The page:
Earlier today, Andrew Kefer posted the following question under the post, “Beyond the Borough’s Borders – Part 2.”
“I was wondering if you can comment on the news of Borough Council’s voting of 5-2 against the comprehensive plan to improve US 422 and restore commuter rail service in the Schuylkill Valley?”
I replied that I wasn’t up to speed on that, but I’d find the study/plan and get back to him. So, here we go.
Caveat: I wasn’t at any of the meetings where the Plan was presented by Montgomery County planners, Delaware Valley Regional Planning Commission planners or consultants, so this first pass comes from online material. I’m glad to share the official information and resources provided by the 422PLUS Steering Committee at their website, which is separate from any of the involved agencies’ websites. They are obviously making an effort to keep the public informed at one central location and with a clear, unified message.
Here’s the upshot of the US 422 Corridor Master Plan from their website:
“Deteriorating travel conditions, sprawling and uncoordinated land develop[ment] patterns, and limited funding for transportation improvements plague the 422 Corridor. The Master Plan identifies 10 strategies for managing growth, development, and travel demands, and illustrates a “Sustainable Scenario” that encourages more compact development, maintenance of open space, and more mobility choice within the 422 Corridor.”
Basically, the plan incorporates the most up-to-date thinking about how to influence and control development patterns so we can stop gobbling up open space, start re-using existing town centers and more urbanized areas like Pottstown, and give people more travel choices than just their cars.
And then they go and steal some of my thunder for the build-up and grand conclusion of my planning series! But, hey, they say – and illustrate – it much better than I ever could. Check out their “Sustainability Strategies” brochure specifically for Pottstown. Everyone should become very familiar with this brochure, especially if you can’t make it through the entire Master Plan. And please, please check out the Strategies and Assets & Opportunities/Key Recommendations near the end of the brochure. This brochure just made it into my final line-up of VERY IMPORTANT DOCUMENTS CONCERNING POTTSTOWN’S FUTURE, along with the recent ULI Report and the 2008 Economic Development Strategic Plan.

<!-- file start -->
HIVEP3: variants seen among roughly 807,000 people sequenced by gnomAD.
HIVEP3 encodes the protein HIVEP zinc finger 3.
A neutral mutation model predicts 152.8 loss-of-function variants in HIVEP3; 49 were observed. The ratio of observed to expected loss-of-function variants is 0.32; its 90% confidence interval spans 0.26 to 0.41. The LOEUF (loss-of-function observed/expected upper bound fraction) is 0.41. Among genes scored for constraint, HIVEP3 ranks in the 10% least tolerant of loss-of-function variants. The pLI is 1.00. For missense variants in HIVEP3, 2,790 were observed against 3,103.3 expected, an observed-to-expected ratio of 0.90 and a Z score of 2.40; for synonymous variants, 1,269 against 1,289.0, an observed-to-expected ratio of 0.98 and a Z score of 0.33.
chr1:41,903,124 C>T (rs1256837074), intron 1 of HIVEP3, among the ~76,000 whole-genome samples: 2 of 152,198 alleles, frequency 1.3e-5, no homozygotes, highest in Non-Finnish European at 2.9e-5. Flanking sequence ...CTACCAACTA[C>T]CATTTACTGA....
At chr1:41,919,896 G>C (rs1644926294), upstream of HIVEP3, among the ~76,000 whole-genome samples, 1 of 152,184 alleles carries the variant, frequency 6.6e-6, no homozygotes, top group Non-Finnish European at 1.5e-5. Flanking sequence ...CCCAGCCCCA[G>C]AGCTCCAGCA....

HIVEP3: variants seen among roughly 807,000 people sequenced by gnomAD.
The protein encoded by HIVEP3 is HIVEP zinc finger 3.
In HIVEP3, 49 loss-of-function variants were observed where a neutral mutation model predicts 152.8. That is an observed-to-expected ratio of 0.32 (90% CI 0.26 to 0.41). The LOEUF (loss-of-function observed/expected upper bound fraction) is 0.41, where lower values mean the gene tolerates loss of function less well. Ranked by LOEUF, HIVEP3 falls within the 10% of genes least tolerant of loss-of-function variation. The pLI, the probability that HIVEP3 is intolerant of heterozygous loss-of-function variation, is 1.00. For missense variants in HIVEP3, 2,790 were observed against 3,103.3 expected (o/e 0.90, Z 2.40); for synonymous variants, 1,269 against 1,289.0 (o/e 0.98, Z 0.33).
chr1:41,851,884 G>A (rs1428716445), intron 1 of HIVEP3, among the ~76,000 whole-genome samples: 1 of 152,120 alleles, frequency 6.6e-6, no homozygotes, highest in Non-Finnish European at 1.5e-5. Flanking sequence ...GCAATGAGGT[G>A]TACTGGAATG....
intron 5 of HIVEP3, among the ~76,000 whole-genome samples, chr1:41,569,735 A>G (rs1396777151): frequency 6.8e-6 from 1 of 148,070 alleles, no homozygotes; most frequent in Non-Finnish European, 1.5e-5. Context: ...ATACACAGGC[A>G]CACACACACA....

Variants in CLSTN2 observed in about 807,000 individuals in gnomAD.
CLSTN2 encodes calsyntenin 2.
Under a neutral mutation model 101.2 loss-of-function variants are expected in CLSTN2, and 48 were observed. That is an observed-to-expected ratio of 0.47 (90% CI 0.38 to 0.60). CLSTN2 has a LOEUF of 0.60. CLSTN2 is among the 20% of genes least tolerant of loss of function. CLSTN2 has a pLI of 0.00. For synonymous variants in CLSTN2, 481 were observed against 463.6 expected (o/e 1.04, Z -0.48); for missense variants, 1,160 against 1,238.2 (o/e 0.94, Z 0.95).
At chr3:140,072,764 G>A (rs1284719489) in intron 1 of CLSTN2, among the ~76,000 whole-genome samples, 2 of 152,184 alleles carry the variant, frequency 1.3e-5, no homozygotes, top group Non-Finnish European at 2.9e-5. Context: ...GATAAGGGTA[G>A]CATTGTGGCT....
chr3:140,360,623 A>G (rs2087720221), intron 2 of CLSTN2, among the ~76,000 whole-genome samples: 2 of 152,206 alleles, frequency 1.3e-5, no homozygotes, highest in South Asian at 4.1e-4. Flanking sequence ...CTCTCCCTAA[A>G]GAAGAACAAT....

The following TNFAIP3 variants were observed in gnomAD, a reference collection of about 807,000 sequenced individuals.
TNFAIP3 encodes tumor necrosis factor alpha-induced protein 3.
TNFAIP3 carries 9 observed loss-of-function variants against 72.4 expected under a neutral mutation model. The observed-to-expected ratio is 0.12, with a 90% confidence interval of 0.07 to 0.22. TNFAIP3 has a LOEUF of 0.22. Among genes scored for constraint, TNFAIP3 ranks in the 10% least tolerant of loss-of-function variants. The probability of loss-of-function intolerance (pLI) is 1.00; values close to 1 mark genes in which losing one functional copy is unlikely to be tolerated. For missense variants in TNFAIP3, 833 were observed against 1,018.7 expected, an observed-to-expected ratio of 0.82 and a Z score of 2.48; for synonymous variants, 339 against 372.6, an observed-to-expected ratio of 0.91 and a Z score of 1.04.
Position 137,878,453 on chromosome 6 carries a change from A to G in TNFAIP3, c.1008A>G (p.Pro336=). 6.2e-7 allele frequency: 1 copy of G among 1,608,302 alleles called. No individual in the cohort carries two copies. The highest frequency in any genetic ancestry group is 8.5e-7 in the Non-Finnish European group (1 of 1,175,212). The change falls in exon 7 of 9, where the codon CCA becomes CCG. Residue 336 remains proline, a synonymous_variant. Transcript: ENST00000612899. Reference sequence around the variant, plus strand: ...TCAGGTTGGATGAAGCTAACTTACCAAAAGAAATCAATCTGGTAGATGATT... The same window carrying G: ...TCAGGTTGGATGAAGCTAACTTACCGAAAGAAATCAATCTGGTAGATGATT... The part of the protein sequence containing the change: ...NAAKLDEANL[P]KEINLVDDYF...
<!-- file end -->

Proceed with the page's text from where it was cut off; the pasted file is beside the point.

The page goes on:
In the 422PLUS Project section, the website provides info. about further study that will take place regarding the funding strategies for improving the 422 Corridor and possibly extending passenger rail service using existing freight lines. This is a follow-up study to two studies already completed in 2009: the US 422 Master Plan and the R6 Norristown Service Line Extension Study. No one’s being the least bit impetuous here. This is being studied, people are being surveyed and then they’re studying it again. This is what the planning process looks like.
Regarding the tolling issue: As we all know, funding is being slashed left and right. These agencies & planning bodies have to find money somewhere. While no one wants to hear about raising the cost of anything, frankly, the idea of having users pay for the maintenance and upgrading of roads they travel on just makes sense. I’ve sat in traffic on 422 going west plenty of times. I don’t live in the area, but if I’m using the road for frequent visits, shouldn’t I also contribute to its upkeep? Hitting up my EZPass is a simple, sensible solution.
And if some of that money goes toward making some existing freight tracks suitable for passenger rail (which people would have to purchase tickets to use), all the better.
And if there’s money for planning/constructing a passenger rail station in Pottstown, that’s the best yet.
If people don’t want to sit in traffic and don’t want to pay tolls, maybe they will want to live in a place like Pottstown (with its lively arts scene, new housing on the Mrs. Smith’s site, massive, beautiful single-family Victorians, cool restaurants and shops) and get to work by hopping on the train with their cappuccino from Churchill’s every morning. In fact, maybe fewer people would be commuting at all because Pottstown would become a place where larger corporations would want to locate and their employees might be able to get to work without even getting into a train or a car.
Andrew also asked if Pottstown’s vote would kill the project. Not at all. “Even Keel” described it pretty well in a comment on The Mercury article: “This plan will still be adopted and put into effect as there are 23 other municipalities who have a say. A majority of these will support it, or parts of it, and it will be adopted in some form at the County level. It will still have a benefit to Pottstown when adopted.”
Just look at the brochure for Pottstown. I know it must seem like an alternate reality – in a way, it is. But it doesn’t have to be. All these agencies and governmental entities want this to happen. They are asking Pottstown to join other towns, counties, planners and the business community, to participate, to make small area master plans (around a train station for instance), and to be an advocate for this and other regional efforts… that will benefit Pottstown. This is the kind of thing I’ve been talking about. Pottstown can and should be a part of this. Pottstown can do this.